Kurseong & Darjeeling

It’s been a busy past few months. My life has been turned upside down ever since my two furry kits joined the family in March. After several bouts of illnesses, I had to take care of their spaying and provide after care. That, coupled with some traveling, has stopped me from writing for a while. Not complaining though, because I’ve never been happier or contented with my life as I am now.

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Having two kittens has stemmed a little of my wanderlust (not my husband’s though) and whilst I continue to dream about exploring more of India, I am also perfectly content to stay at home now.

Of all the travels we’ve done so far, one of the most memorable ones would be our October 2012 trip to Kurseong, a hill station in the Darjeeling district in West Bengal.

To get to Kurseong, we flew from Mumbai to Delhi, and onward to Bagdogra airport.. From there, a jeep from the lodge picked us up for a 2 hours ride to Cochrane Place. Prior to arriving at Cochrane, I had assumed we were staying in Darjeeling itself. It was only after we arrived did I realise that while Kurseong is surrounded by lush tea gardens producing some of the best teas, it is actually 32km away from Darjeeling!

That really wasn’t an issue though. Darjeeling is conveniently reachable by a car ride away. Importantly, Kurseong, at 4,500 feet above sea level, is a really charming, laid-back and idyllic place. Where we stayed – Cochrane Place, is a 32 room lodge originally meant to be the retirement spot of a dear old couple from Kolkata but turned into a hotel by their son. It also serves fantastic teas, pakoras and momos (tibetan dumplings). Nomnom!

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One of the must-sees, we were told, is to visit Tiger Hill. It is famous for the panoramic views it offers of Mount Everest along with Kangchenjunga (third highest peak in the world).  To get there, we left Cochrane at 2am (yes, 2am) and was the first car to arrive (at 3:30am). Whilst it was freezing cold and dark, we were treated to a spectacular view of the star-studded night sky. At that moment, it was just us, the stars and the dark, windy silence. It was magical.

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Moments later, cars started arriving and before you know it, the entire carpark at the Tiger Hill observation deck was packed and you could see rows of headlights forming a queue up the mountain top.

Perhaps it was a Saturday morning; perhaps it was an Indian holiday. The observation deck and the carpark was PACKED. I shall not go into details about our unpleasant experience “fighting” for space with the locals; but let’s just say that some of them can be very pushy (in every sense of the word) and shouty. It was a long and awkward wait, but when the first rays of sun hit the Himalayan peaks and painted them pink, we forgot all angst and indulged in the beautiful painting unfolding in front of us.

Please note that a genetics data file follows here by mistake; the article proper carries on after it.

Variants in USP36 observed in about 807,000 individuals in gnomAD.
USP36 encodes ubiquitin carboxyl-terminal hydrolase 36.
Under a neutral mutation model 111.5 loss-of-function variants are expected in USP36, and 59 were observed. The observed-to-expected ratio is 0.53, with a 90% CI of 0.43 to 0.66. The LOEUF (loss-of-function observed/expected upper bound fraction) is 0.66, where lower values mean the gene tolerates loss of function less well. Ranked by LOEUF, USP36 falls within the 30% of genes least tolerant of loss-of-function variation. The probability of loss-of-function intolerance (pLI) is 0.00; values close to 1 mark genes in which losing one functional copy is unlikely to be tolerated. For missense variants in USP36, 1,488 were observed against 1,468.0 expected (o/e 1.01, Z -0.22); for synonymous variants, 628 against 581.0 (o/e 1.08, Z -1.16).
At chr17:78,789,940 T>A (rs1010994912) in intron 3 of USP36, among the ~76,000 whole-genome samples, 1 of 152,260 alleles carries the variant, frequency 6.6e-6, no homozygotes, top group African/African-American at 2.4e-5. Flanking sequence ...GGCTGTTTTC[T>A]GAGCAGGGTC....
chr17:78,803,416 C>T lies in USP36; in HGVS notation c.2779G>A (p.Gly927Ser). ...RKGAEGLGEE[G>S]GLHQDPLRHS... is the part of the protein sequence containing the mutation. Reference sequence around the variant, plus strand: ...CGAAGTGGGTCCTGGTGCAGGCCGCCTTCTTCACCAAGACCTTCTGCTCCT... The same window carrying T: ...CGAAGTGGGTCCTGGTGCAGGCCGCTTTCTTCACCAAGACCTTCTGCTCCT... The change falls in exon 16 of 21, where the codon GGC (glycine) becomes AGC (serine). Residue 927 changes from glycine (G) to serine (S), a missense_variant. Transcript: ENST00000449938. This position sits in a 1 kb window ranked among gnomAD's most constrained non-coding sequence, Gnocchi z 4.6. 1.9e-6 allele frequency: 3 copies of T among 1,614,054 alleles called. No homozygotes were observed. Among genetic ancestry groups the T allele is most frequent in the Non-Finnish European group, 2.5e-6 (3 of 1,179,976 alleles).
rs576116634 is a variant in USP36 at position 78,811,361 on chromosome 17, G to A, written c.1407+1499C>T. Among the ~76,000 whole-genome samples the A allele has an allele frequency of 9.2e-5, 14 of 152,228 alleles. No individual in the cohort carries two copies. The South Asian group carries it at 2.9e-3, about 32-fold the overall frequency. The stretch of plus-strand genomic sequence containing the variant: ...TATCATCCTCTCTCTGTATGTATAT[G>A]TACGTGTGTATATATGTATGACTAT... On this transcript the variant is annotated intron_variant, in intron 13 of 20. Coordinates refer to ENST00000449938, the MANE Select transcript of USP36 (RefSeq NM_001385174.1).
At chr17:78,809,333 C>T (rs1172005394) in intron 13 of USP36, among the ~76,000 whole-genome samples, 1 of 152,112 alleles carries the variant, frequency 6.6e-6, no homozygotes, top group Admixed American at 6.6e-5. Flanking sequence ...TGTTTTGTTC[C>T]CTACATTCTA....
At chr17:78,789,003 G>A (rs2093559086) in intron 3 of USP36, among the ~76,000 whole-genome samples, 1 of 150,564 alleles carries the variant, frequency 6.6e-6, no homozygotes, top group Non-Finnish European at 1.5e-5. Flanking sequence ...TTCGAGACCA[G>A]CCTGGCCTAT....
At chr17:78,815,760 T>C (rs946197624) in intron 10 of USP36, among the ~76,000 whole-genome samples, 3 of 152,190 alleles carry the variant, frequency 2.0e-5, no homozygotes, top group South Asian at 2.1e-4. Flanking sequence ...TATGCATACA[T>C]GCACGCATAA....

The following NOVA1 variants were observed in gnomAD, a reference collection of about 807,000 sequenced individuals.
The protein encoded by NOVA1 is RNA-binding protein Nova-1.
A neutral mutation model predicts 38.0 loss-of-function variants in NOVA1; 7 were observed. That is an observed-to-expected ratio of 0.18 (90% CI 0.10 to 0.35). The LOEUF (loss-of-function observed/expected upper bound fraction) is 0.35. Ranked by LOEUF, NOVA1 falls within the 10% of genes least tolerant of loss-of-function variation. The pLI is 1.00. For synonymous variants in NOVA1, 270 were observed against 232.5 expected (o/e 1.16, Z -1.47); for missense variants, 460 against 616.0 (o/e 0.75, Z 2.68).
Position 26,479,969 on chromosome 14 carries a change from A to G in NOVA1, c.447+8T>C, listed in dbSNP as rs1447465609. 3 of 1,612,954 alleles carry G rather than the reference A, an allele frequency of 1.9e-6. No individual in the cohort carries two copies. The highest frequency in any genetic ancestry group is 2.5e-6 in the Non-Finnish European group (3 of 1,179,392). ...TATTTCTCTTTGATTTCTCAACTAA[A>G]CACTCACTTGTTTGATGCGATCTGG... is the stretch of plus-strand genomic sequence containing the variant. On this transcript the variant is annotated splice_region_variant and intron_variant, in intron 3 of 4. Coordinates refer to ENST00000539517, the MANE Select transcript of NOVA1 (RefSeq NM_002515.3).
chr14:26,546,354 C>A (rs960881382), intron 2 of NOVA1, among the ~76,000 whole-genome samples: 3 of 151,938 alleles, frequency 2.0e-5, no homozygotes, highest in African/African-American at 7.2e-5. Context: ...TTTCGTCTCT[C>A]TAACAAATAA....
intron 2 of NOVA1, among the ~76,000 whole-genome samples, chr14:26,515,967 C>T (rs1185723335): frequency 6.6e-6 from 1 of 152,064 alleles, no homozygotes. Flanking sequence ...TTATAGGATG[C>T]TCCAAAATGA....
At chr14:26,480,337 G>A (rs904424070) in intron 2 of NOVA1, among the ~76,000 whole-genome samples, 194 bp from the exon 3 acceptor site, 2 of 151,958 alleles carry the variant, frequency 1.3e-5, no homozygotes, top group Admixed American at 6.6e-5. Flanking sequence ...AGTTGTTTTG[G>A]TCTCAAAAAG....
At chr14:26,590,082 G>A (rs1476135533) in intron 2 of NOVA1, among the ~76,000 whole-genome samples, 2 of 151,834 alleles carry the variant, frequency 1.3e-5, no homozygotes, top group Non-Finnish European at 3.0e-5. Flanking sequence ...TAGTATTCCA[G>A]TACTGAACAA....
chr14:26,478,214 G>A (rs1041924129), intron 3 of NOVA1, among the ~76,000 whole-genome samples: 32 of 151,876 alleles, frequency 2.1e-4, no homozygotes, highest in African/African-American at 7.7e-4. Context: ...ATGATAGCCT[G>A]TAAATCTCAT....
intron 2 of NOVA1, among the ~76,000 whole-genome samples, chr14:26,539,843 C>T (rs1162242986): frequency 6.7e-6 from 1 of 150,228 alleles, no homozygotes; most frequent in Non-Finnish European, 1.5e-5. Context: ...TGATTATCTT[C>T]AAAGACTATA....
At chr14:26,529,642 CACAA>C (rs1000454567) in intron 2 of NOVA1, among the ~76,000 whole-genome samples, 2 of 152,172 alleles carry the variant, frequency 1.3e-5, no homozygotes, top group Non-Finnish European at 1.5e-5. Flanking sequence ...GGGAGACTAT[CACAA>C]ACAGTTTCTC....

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This peak, my friends, is supposed to be Mt Everest 

Later, we were told that we had been very lucky to be able to see the peaks so clearly. Apparently, some people have been there 2 or 3 times but due to cloudy weather, had not be able to view the spectacular sunrise. So, if you are going, I wish you good luck! =)

After our Tiger Hill expedition, we decided to actually go to Darjeeling. Once there, we realised that staying at Kurseong was unexpectedly a very, very wise choice. Darjeeling, to us, was a grimey, tired, crowded and touristy place, nowhere close to the quaint and idyllic  place I had in mind. It did, however, offer a magnificent view of Kangchenjunga.

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The most charming being in Darjeeling :) 

Needless to say, we did not spend too much time in Darjeeling and was really happy when we returned back to Kurseong. For the rest of our time there, we took walks around the tea plantations & villages that dot the area, relaxed in our room or the restaurant which overlooks a village and the hills and of course, drank plenty of Darjeeling tea. ;)

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A giant swing that also acts as a public announcement speaker

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On a good day, you can also see the mountain peaks from Cochrane

To people who wish to visit Darjeeling, my strong recommendation is to stay in Kurseong and use that as a base to explore the tea plantations (check out Makaibari Tea Estates), Tiger Hill and Darjeeling; and also ride the toy train (which, unfortunately, was on strike when we visited…). Your lungs will thank you, as will your heart, mind and belly.

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